really, you shouldn't need a puller, knocking around the edges with a brass hammer to knock it loose works. as long as your careful with a 3 jaw puller, it can work very well. we also use the 3 jaws in my auto shop class for this, as long as your careful, it works good, if it's not working and you keep going, you will warp a drum. have to know when to stop tightening, if it's not working1957plymouthhemi said:I want the cheapest there is .....To do it right iot will not be cheap.
".....you can use a 3 jaw puller from a rental place, that's what I use for drums. impact wrench on the tightening bolt, and it will pop pretty quick....."
Matt's suggestion it the best way I know of to completley warp and ruin a drum. If you think you have problems now try to find a good replacement drum.
What happens with the pullers that pull on the outside of the drum (especially on tappered axels or stuck straight splines) is that it pushes on the center and pulls the outer edge of the drum.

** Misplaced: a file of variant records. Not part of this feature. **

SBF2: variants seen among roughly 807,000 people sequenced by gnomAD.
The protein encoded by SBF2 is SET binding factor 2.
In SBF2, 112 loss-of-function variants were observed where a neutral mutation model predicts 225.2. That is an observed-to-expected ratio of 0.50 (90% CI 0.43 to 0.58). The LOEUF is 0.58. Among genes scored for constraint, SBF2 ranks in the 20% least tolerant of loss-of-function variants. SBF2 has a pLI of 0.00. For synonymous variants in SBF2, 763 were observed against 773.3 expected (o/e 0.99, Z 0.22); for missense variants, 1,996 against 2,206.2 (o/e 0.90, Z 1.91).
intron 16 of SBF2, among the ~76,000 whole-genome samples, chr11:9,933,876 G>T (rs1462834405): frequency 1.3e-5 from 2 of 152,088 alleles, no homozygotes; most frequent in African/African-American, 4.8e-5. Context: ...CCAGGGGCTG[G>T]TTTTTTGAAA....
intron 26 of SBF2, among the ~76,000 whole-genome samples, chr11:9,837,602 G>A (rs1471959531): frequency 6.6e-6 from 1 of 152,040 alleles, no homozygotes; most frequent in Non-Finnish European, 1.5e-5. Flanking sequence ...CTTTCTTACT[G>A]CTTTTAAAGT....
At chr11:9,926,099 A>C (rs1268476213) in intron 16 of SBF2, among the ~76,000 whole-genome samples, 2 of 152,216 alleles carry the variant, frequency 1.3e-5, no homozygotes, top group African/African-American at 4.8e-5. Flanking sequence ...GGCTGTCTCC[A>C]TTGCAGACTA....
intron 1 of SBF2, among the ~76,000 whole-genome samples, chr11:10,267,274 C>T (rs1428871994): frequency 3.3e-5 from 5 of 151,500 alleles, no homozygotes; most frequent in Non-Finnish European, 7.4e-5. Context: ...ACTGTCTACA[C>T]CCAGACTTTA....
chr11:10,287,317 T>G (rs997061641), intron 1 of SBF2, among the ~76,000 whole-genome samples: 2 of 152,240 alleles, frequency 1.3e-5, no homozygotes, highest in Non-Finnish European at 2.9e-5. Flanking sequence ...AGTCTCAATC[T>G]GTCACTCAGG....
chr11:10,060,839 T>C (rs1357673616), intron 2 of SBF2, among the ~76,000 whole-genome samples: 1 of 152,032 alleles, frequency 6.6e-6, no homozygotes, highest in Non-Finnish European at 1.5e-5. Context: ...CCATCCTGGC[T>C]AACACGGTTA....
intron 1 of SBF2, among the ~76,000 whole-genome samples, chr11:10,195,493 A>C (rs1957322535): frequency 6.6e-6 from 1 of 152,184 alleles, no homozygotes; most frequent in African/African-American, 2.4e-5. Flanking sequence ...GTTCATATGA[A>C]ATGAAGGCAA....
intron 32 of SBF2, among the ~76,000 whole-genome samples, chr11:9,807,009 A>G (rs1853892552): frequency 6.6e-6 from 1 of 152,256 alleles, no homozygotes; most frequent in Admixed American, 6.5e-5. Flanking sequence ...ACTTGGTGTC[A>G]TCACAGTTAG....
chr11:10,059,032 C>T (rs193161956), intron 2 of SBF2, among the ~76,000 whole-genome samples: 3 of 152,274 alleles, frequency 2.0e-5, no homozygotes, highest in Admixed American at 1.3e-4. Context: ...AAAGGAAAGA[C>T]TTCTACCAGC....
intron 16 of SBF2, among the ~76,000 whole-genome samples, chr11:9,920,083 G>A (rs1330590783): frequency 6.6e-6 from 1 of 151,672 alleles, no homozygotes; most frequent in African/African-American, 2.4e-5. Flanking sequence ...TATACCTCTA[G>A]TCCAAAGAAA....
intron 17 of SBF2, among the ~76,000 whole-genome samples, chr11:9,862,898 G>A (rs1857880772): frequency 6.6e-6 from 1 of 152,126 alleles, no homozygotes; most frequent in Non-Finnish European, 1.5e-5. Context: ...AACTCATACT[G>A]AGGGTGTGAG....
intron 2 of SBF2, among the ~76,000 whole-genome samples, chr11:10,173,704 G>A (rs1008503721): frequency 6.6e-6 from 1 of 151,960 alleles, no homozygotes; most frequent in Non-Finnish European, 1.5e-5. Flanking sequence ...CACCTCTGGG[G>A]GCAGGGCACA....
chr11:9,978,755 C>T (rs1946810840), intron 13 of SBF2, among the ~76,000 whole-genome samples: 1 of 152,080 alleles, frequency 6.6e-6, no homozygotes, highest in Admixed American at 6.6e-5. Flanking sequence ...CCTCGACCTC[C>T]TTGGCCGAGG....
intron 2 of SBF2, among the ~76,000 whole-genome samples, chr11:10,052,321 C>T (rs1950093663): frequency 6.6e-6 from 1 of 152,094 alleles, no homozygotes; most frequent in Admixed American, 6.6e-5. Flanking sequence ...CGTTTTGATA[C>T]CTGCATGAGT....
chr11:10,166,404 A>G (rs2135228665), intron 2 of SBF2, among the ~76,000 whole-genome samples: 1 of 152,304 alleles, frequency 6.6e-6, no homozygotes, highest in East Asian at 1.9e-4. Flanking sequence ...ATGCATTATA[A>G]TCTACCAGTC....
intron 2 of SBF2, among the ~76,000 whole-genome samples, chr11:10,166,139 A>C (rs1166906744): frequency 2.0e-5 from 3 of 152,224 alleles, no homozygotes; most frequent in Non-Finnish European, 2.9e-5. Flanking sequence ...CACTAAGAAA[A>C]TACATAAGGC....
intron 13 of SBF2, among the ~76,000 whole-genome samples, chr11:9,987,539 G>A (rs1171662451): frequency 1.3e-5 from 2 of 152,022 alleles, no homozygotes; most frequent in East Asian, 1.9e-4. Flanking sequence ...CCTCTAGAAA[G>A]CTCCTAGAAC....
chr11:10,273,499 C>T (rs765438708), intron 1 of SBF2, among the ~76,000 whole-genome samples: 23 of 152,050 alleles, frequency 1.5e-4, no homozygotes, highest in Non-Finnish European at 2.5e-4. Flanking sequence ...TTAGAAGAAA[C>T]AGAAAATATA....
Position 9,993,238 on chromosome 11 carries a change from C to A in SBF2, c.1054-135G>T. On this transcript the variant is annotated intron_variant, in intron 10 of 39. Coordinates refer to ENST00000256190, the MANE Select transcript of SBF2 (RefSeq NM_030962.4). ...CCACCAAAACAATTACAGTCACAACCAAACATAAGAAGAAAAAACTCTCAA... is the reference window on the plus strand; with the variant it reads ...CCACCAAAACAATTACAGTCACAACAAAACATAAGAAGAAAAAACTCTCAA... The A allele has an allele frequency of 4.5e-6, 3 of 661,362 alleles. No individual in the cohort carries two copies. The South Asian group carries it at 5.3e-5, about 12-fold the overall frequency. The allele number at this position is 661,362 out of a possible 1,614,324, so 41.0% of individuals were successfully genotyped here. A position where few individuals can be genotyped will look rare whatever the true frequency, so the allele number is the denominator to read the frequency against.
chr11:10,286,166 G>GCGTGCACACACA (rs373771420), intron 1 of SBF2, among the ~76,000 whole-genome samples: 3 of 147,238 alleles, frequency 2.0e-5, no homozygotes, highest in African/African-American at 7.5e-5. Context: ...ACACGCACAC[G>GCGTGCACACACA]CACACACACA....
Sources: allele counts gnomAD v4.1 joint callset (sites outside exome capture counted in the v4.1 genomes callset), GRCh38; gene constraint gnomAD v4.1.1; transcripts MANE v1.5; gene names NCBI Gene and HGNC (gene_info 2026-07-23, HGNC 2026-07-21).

The proper pullers are shown below. The hub itself. THese are not cheap. THe first one shown is an old snap-on puller and the the other is a newer style that uses the same principle (they start around $150).
An alternative I have heard of (but never personally used) is to loosen the the hub nut about 1 1/2 turns then drive the car around the block making a couple of left and right turns. It is supposed to loosen the drum on the spline but as I said I have never tried this method.
My best advice is to buy or rent the proper puller.
Also make sure the the brake shoes are backed off before you attempt to pull the drum to insure it does not hang up on the shoes after it is broken loose from the splines.